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How do you measure, observe and confirm a sensor or vehicle component is transmitting? The first strategy is to look for a result in the scan tool data PIDs. If you are having issues with a key fob or TPMS sensor, look at the data. It might be a command to unlock the doors that is seen in the BCM or keyless entry module.

If you are looking to measure the strength of a signal it requires specialized tools. Many TPMS tools include a feature to measure signals from key fobs and smart keys. These tools can also ping TPMS sensors and force them to transmit. This is a great feature if you are dealing with a random sensor.

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Carrier Waves

The other type of radio signals you might have to deal with are carrier waves used by the keyless entry system. These radios waves range between 125 to 140 kHz. The waves are modulated to send information between the keys and antennas around the vehicle. These are for smart keys that can remain in the driver’s pocket. The antennas around the vehicle will send out these carrier waves along with the keys. These frequencies are used for very short distances to share security information. The antennas are located in the doors, tailgate and center console.

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To test these antennas and keys, you will need a special probe for your scope. This probe can detect the carrier wave using a scope that has a fast sample rate. You will not be able to decode the information, but this probe can be very helpful when diagnosing a no start or condition where the owner can’t open a door.

Radio Wave Diagnostic Tips

  1. Perform relearns away from other vehicles and sources of electromagnetic interference like alarms and home appliances.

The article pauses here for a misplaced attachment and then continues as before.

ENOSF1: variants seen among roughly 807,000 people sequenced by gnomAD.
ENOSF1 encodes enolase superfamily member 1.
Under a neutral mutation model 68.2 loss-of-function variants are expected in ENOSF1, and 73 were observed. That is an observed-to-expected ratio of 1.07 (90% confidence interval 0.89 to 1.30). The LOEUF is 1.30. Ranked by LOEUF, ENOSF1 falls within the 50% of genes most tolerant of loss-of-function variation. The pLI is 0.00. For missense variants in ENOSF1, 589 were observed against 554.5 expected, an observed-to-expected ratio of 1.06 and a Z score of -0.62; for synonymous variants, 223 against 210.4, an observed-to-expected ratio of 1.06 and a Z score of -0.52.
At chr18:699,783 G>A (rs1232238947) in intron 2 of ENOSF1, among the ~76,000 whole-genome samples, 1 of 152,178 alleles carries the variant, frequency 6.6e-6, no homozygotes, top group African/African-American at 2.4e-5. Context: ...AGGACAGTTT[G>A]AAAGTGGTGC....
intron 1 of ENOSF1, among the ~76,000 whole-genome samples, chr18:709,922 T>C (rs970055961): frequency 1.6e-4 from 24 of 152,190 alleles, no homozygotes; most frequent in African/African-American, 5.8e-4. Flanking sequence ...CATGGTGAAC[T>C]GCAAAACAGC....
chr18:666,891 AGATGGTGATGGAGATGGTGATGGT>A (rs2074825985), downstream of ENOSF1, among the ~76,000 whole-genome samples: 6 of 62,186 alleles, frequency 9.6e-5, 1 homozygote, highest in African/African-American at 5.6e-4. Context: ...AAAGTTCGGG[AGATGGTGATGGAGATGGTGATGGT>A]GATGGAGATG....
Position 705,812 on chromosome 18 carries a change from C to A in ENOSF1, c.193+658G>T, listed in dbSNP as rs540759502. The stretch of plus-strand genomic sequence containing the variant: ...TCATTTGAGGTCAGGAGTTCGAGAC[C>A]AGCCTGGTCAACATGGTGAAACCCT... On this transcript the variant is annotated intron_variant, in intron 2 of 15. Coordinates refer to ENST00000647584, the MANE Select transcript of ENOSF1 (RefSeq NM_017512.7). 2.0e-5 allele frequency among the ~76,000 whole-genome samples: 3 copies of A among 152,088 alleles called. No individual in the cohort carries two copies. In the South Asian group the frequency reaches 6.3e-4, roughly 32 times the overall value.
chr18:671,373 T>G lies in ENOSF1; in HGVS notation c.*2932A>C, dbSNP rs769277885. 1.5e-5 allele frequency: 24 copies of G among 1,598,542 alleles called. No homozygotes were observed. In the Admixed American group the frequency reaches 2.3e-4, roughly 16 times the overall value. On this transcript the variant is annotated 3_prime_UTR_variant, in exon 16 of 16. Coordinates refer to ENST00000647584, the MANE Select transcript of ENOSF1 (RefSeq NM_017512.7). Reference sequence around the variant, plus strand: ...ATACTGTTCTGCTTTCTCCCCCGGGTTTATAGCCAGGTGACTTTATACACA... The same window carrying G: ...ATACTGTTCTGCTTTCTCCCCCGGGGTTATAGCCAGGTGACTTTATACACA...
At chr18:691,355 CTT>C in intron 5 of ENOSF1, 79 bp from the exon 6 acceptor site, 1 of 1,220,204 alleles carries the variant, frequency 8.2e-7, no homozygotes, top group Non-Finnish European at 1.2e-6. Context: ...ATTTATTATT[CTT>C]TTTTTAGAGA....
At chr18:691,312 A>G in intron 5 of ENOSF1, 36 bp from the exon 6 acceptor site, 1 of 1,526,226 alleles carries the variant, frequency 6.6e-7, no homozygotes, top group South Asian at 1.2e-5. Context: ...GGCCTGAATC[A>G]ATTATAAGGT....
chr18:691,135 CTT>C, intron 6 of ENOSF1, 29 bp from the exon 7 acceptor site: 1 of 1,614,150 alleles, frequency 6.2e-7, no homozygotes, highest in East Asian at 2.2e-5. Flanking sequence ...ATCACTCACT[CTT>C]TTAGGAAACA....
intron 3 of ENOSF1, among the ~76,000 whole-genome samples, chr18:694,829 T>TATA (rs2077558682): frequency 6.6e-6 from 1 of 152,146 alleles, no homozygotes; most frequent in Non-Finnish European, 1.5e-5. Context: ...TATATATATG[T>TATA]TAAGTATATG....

2. If a vehicle can’t receive signals from a sensor during a relearn process, try rolling the vehicle forward a few feet to unblock a sensor.
  3. To avoid radio frequency issues, try relearning sensor positions with a TPMS tool that can interface with the TPMS module through the OBDII port.
  4. If a sensor can’t be activated with a TPMS tool, try rapidly deflating the tire by pushing in the valve stem. Hold the tool near the tire to see if the tool received the sensor’s ID.
  5. Do not retrain or program sensors around tire balancers and mounting machines. These machines cause sensors to transmit by deflating the tire rapidly or activate the sensor due to rotation. A vehicle might pick up the signal from a sensor that is not on the vehicle and when the vehicle is pulled out of the bay, the TPMS light will come on.
  6. Look for dash cams and radar detectors mounted on the windshield. Often these devices can cause interference that can block the TPMS antenna that might be mounted on or near the windshield.
  7. On long vehicles like pickups and cargo vans, the distance from the sensor to the antenna is pushed to the limits. It can get worse if the truck is filled with cargo like steel pipes or sheet metal.